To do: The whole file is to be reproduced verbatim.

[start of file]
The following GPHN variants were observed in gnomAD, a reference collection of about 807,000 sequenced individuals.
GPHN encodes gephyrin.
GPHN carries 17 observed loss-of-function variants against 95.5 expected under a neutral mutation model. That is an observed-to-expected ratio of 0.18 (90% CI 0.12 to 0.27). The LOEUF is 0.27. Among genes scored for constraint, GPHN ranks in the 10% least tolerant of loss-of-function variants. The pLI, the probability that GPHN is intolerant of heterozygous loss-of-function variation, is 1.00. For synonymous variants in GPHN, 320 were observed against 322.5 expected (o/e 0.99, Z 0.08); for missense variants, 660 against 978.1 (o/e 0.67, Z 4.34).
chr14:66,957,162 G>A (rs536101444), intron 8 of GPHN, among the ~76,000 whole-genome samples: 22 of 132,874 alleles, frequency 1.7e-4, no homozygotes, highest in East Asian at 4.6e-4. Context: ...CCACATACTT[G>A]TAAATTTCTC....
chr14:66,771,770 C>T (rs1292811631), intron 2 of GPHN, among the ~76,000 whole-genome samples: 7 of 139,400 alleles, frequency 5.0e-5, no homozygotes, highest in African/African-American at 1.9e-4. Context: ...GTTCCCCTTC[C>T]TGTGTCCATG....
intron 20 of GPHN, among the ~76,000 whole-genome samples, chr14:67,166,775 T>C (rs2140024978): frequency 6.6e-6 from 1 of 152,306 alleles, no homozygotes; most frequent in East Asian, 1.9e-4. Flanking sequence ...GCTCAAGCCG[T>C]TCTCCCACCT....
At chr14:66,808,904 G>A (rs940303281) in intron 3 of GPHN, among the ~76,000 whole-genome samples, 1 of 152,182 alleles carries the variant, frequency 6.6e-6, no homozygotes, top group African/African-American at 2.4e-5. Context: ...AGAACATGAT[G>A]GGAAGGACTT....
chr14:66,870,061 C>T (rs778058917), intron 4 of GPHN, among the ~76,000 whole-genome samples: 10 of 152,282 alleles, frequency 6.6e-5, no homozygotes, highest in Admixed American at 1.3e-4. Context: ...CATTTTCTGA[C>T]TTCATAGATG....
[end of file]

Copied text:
The following GPHN variants were observed in gnomAD, a reference collection of about 807,000 sequenced individuals.
GPHN encodes gephyrin.
GPHN carries 17 observed loss-of-function variants against 95.5 expected under a neutral mutation model. That is an observed-to-expected ratio of 0.18 (90% CI 0.12 to 0.27). The LOEUF is 0.27. Among genes scored for constraint, GPHN ranks in the 10% least tolerant of loss-of-function variants. The pLI, the probability that GPHN is intolerant of heterozygous loss-of-function variation, is 1.00. For synonymous variants in GPHN, 320 were observed against 322.5 expected (o/e 0.99, Z 0.08); for missense variants, 660 against 978.1 (o/e 0.67, Z 4.34).
chr14:66,957,162 G>A (rs536101444), intron 8 of GPHN, among the ~76,000 whole-genome samples: 22 of 132,874 alleles, frequency 1.7e-4, no homozygotes, highest in East Asian at 4.6e-4. Context: ...CCACATACTT[G>A]TAAATTTCTC....
chr14:66,771,770 C>T (rs1292811631), intron 2 of GPHN, among the ~76,000 whole-genome samples: 7 of 139,400 alleles, frequency 5.0e-5, no homozygotes, highest in African/African-American at 1.9e-4. Context: ...GTTCCCCTTC[C>T]TGTGTCCATG....
intron 20 of GPHN, among the ~76,000 whole-genome samples, chr14:67,166,775 T>C (rs2140024978): frequency 6.6e-6 from 1 of 152,306 alleles, no homozygotes; most frequent in East Asian, 1.9e-4. Flanking sequence ...GCTCAAGCCG[T>C]TCTCCCACCT....
At chr14:66,808,904 G>A (rs940303281) in intron 3 of GPHN, among the ~76,000 whole-genome samples, 1 of 152,182 alleles carries the variant, frequency 6.6e-6, no homozygotes, top group African/African-American at 2.4e-5. Context: ...AGAACATGAT[G>A]GGAAGGACTT....
chr14:66,870,061 C>T (rs778058917), intron 4 of GPHN, among the ~76,000 whole-genome samples: 10 of 152,282 alleles, frequency 6.6e-5, no homozygotes, highest in Admixed American at 1.3e-4. Context: ...CATTTTCTGA[C>T]TTCATAGATG....